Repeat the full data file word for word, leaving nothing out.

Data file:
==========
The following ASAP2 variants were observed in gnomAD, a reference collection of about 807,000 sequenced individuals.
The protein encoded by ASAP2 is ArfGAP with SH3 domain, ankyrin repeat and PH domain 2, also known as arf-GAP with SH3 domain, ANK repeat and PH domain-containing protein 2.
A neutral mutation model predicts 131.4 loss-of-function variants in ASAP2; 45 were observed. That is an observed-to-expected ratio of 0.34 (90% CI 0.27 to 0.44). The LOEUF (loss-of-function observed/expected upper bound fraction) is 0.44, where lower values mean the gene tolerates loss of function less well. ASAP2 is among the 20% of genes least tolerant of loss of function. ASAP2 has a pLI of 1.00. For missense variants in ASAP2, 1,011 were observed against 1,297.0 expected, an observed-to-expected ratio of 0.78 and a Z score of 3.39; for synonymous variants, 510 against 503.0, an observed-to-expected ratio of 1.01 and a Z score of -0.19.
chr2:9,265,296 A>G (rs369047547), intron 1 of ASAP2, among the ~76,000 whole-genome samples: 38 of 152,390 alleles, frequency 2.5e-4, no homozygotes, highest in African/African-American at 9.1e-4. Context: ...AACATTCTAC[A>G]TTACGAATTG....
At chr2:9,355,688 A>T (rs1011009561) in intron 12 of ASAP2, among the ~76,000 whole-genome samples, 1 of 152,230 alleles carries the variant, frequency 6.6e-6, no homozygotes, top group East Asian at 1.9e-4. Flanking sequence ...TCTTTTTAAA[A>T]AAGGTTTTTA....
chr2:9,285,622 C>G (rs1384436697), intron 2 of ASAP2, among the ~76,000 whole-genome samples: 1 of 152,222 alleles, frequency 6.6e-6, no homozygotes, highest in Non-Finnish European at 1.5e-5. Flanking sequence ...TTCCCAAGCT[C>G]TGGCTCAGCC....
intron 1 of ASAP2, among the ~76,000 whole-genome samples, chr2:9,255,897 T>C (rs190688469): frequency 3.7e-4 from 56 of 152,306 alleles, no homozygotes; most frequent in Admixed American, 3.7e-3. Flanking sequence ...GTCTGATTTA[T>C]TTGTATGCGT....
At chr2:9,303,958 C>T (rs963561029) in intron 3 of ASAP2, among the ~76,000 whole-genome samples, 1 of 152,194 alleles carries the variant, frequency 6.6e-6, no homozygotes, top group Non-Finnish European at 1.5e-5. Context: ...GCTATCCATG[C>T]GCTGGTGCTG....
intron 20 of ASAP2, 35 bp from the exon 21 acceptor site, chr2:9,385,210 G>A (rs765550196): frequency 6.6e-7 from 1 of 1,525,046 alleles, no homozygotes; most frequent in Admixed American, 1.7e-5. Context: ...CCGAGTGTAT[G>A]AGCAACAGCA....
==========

The following ASAP2 variants were observed in gnomAD, a reference collection of about 807,000 sequenced individuals.
The protein encoded by ASAP2 is ArfGAP with SH3 domain, ankyrin repeat and PH domain 2, also known as arf-GAP with SH3 domain, ANK repeat and PH domain-containing protein 2.
A neutral mutation model predicts 131.4 loss-of-function variants in ASAP2; 45 were observed. That is an observed-to-expected ratio of 0.34 (90% CI 0.27 to 0.44). The LOEUF (loss-of-function observed/expected upper bound fraction) is 0.44, where lower values mean the gene tolerates loss of function less well. ASAP2 is among the 20% of genes least tolerant of loss of function. ASAP2 has a pLI of 1.00. For missense variants in ASAP2, 1,011 were observed against 1,297.0 expected, an observed-to-expected ratio of 0.78 and a Z score of 3.39; for synonymous variants, 510 against 503.0, an observed-to-expected ratio of 1.01 and a Z score of -0.19.
chr2:9,265,296 A>G (rs369047547), intron 1 of ASAP2, among the ~76,000 whole-genome samples: 38 of 152,390 alleles, frequency 2.5e-4, no homozygotes, highest in African/African-American at 9.1e-4. Context: ...AACATTCTAC[A>G]TTACGAATTG....
At chr2:9,355,688 A>T (rs1011009561) in intron 12 of ASAP2, among the ~76,000 whole-genome samples, 1 of 152,230 alleles carries the variant, frequency 6.6e-6, no homozygotes, top group East Asian at 1.9e-4. Flanking sequence ...TCTTTTTAAA[A>T]AAGGTTTTTA....
chr2:9,285,622 C>G (rs1384436697), intron 2 of ASAP2, among the ~76,000 whole-genome samples: 1 of 152,222 alleles, frequency 6.6e-6, no homozygotes, highest in Non-Finnish European at 1.5e-5. Flanking sequence ...TTCCCAAGCT[C>G]TGGCTCAGCC....
intron 1 of ASAP2, among the ~76,000 whole-genome samples, chr2:9,255,897 T>C (rs190688469): frequency 3.7e-4 from 56 of 152,306 alleles, no homozygotes; most frequent in Admixed American, 3.7e-3. Flanking sequence ...GTCTGATTTA[T>C]TTGTATGCGT....
At chr2:9,303,958 C>T (rs963561029) in intron 3 of ASAP2, among the ~76,000 whole-genome samples, 1 of 152,194 alleles carries the variant, frequency 6.6e-6, no homozygotes, top group Non-Finnish European at 1.5e-5. Context: ...GCTATCCATG[C>T]GCTGGTGCTG....
intron 20 of ASAP2, 35 bp from the exon 21 acceptor site, chr2:9,385,210 G>A (rs765550196): frequency 6.6e-7 from 1 of 1,525,046 alleles, no homozygotes; most frequent in Admixed American, 1.7e-5. Context: ...CCGAGTGTAT[G>A]AGCAACAGCA....